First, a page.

Have We Gone Metric-Mad?

Tim Watson of Zettasphere, an eec Blog Contributor, is leading a session at the Email Evolution Conference in Miami this February with fellow DMA UK leaders Dela Quist of Alchemy Worx, Skip Fidura of DotMailer and consultant Kath Pay. Register today to receive the early bird discount (through January 14th) and to meet Tim and dozens of other industry luminaries. It's the best place this winter to learn how to make email and digital marketing more successful. Register now.

Open rate, acceptance rate, click rate, read rate, spam complaints, conversion rate, delete not read, inbox placement rate and more besides. Sure email has plenty of metrics. But have we let all these numbers distract us from considering what's actually important? Have we gone metric-mad?

All email experts agree customer engagement is important and the need for relevance, "right person, right time, right message", is almost a set phrase in email circles.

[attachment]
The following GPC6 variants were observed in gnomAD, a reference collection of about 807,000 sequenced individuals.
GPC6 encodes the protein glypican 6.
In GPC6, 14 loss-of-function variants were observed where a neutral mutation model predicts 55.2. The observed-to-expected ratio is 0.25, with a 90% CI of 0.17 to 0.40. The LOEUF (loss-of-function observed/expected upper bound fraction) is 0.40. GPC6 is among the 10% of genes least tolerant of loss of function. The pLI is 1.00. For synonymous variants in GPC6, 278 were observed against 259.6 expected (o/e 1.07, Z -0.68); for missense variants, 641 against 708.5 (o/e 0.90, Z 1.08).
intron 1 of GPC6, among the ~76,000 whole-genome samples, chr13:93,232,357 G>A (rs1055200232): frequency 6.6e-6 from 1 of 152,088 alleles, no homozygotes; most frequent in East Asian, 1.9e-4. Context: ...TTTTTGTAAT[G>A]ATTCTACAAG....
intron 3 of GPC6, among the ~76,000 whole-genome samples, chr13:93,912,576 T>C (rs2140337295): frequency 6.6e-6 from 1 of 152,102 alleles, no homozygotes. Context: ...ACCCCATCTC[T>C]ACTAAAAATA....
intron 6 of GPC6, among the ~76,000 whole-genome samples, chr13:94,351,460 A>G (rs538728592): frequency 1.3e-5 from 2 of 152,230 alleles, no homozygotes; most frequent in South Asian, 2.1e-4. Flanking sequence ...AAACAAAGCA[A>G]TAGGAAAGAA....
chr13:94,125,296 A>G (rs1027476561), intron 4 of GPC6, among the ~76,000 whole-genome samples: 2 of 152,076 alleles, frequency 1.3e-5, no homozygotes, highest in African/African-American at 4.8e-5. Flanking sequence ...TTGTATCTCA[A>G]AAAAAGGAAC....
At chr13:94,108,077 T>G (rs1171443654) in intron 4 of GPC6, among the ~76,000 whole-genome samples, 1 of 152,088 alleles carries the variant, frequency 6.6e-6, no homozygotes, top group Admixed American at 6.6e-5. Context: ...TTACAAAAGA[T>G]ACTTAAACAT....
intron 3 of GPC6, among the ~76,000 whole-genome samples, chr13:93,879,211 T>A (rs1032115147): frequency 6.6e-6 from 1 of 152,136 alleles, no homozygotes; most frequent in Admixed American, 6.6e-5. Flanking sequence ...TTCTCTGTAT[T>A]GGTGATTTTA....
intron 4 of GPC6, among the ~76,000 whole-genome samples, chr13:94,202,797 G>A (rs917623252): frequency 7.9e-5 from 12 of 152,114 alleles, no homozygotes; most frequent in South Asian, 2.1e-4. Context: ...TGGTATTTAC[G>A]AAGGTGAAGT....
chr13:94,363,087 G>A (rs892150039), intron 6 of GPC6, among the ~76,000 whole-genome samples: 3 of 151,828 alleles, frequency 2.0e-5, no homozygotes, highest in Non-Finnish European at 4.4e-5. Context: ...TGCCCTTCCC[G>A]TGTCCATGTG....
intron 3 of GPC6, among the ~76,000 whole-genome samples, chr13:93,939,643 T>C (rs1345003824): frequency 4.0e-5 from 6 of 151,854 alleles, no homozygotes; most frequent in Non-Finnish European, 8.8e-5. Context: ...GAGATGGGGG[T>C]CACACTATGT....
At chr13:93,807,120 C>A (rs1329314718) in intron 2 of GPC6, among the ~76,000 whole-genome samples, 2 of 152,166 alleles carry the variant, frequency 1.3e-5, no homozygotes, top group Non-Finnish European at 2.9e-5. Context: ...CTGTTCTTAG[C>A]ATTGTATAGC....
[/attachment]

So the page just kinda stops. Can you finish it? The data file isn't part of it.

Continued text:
What is much less clear is what anyone really means by an engaged customer? How is engagement defined, how can you measure engagement?

Metrics are needed but optimizing the wrong metric can take you away from what's important to the business. Following the idea of "right person, right time, right message", does this means the focus is to get an open rate of 100%?

All businesses are hungry for revenue so any metric of customer engagement must consider whether the definition for an engaged customer also delivers a high value customer. Defining engagement in a way that does not maximise value is not in business interest.

The DMA in the UK has been debating this issue and looking at the evidence – brand marketing email data, to determine what is important and how to define engagement.

Thankfully there is a single metric that can be used to measure engagement . Here's a clue, it's NONE of the above metrics. On Thursday, February 7th at the EEC13 conference the question of definition of engagement is being debated. Based on analysis of data a single easy and measurable definition will be proposed.

By Tim Watson